In last week’s Economic Statement, the Chancellor of the Exchequer had a golden opportunity to listen to what Northern leaders and Mayors have been calling for throughout this pandemic and deliver big, bold, structural reforms to our economy that would fundamentally change the way our economy works. People in Barnsley – and across South Yorkshire and the wider North – know only too well that the British economy doesn’t work in their interests. That too much investment in infrastructure, transport and jobs in drawn to London and the South East. Regular readers will know the statistic I cite that underlines this most clearly – for every pound spent on transport infrastructure in Yorkshire and the Humber, London and the South East get £3.40. It shouldn’t be the case that areas with deep and enduring inequalities get less support and investment from central government. It is a fundamental question of fairness. It was also an opportunity last week for Rishi Sunak to reverse decades of underfunding and drive a fairer recovery.
Our economy has been rocked by Coronavirus. Our local businesses have weathered the storm of the virus; our workers have faced uncertainty as to whether they will have a job to go back to when the disease is overcome. As we begin to see the beginnings of recovery, as lockdown measures are eased and the economy starts ticking over again – there is an opportunity to forge a new economic consensus. It’s not good enough just to rebuild. Returning to a failed status quo would be no good for towns like Barnsley. Instead there is an opportunity to renew our public services and communities and to build an economy that is fairer, stronger and greener. In short, to deliver the New Deal for the North that I have been calling for.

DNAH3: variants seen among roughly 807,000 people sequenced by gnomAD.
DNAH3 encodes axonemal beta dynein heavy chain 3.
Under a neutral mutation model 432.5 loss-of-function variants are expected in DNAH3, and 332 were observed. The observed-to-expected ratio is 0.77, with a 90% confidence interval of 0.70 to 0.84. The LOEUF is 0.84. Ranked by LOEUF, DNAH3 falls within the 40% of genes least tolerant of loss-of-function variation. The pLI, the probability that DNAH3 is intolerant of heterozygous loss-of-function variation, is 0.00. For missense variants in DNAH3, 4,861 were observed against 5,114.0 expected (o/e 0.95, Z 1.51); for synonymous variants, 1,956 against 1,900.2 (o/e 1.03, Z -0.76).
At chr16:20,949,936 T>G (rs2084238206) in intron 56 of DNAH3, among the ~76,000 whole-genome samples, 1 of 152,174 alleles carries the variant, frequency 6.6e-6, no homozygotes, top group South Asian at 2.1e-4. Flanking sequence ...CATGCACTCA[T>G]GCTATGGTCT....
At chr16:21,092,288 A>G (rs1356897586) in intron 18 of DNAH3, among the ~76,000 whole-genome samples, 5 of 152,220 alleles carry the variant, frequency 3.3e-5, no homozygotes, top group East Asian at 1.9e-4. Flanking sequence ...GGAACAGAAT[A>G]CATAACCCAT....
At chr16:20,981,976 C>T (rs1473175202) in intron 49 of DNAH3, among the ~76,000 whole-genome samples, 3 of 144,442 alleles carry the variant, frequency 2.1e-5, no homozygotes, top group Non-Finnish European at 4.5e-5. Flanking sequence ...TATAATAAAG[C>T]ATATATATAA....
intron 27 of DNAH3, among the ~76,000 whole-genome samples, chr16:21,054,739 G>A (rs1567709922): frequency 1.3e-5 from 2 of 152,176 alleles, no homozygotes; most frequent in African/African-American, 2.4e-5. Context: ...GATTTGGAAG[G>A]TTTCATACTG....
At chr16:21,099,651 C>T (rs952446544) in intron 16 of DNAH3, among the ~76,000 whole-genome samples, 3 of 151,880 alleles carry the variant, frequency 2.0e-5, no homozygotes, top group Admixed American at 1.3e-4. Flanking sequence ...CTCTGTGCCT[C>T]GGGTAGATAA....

Sadly, the Chancellor didn’t make the most of this opportunity. Whilst measures to protect jobs, move towards net-zero emissions and stimulate the service economy are welcome, the Statement did not deliver the structural changes we urgently need in Barnsley and South Yorkshire. Instead of a New Deal for the North, we got a meal deal in the form of £10 vouchers at selected restaurants. With the best will in the world – and whilst this is welcome step – a tenner off your tea is not going to address the deep economic and social inequalities here in Barnsley.
This Government was elected on a promise to ‘level up the North’, yet time and again the North is seeing missed opportunities and the perpetuation of a failed status quo. Yes, we need real investment and the political will to deliver on that levelling-up agenda in the short-term. However, the model of Northern leaders and Mayors being forced to go cap in hand to the Treasury to fund vital projects in our regions can’t go on indefinitely. We need real devolution to ensure that decisions about the North are taken in the North, in the best interests of northern communities. In South Yorkshire, we’ve demonstrated the vast opportunities that devolution can bring since we got our Devolution Deal over the line – unlocking £110 million in new investment in the first week alone. Investment that will support 55,000 jobs and training opportunities and 25,000 businesses; create 3,000 new apprenticeships for our young people; and will revitalise our town centres that have borne the brunt of a decade of cuts. That’s what we can achieve with the right powers and funding, and that’s just what our regional economy needs as we embark on building a stronger, fairer and greener economy for our people and communities.
This article was originally published in the Barnsley Chronicle on 17 July 2020